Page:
For these aforementioned problems, innovative alternatives emerge that allow the growth of the mining industry to be maintained, and also satisfy the current demand for metals in the world. Deep-sea mining appears as a promising alternative, for the shortage of high-grade elements on the Earth’s surface, and the shortage of critical elements [2]. Within these marine resources, there are three main types of deposits—manganese nodules, ferromanganese crusts, and seafloor massive sulphides [11]. As described below, the nodules are typically palm-sized (between 1 cm and 12 cm) with spheroidal or ellipsoidal shapes that are sporadically concentrated over large regions; in contrast, the crusts are porous growths that overly hard-rock seamounts, and the massive sulphide deposits are geologically comparable to the largescale massive sulphides that have long been exploited through terrestrial mining. Chilean marine resources are relatively abundant in manganese nodules [12].
Manganese nodules are a promising alternative source for the extraction of Mn and Co, which could provide the necessary raw materials to boost a lithium battery manufacturing industry in Chile and promote the creation of value-added products.
This manuscript describes the most relevant general aspects of manganese nodules, such as their formation and growth, distribution in the world, mineralogical composition, and collection methods, focusing on the richness of the seabed in Chile, highlighting the importance that manganese nodules may have due to the scarcity of exploitation of Mn and Co resources in the country, and their strategic importance for the future of its industry. Finally, the different mechanisms of extraction of Mn and Co from manganese nodules are detailed.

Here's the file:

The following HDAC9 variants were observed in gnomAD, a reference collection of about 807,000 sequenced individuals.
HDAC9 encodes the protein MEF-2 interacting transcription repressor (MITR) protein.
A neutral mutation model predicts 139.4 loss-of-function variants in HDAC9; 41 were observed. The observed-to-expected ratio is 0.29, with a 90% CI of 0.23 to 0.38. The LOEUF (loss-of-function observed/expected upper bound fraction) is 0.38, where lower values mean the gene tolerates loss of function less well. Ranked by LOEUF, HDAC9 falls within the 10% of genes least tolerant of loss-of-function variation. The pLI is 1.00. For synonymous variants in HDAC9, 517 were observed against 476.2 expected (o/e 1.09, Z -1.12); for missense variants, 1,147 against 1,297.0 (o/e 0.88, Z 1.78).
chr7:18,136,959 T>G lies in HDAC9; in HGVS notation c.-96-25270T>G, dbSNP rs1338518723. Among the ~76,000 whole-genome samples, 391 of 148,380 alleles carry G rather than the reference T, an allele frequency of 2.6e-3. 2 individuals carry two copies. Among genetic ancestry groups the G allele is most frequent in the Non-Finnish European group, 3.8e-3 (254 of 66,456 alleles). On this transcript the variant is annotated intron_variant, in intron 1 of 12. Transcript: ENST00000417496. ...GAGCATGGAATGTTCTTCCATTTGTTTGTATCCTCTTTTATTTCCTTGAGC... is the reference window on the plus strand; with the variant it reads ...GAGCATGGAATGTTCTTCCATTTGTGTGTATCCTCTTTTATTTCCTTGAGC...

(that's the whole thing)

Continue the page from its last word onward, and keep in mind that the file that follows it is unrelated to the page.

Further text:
2. Manganese Nodules

Manganese nodules, also called polymetallic nodules, were first discovered during the Challenger expedition between the years 1872–1876 [6]. These mineral resources are rocky concretions with a spherical shape and a brownish black color; they consist of concentric layers of Fe and Mn hydroxides, with sizes ranging between 1 cm and 12 cm [13] (see Figure 1). These form groups of metallic oxide concretions dispersed in the sedimentary zone of the seabed of the Pacific, Atlantic, and Indian Oceans, at depths of 4500 m, reaching reserves of 1–3 trillion tons [14]. These may have economic potential due to the high concentrations of Mn, Co, Ni, Te, Ti, Pt, and rare earth elements (REE) [15,16]. Therefore, the future extraction of critical elements from manganese nodules may be essential for the rapid growth of the technology industry [17].

2.1. Formation and Growth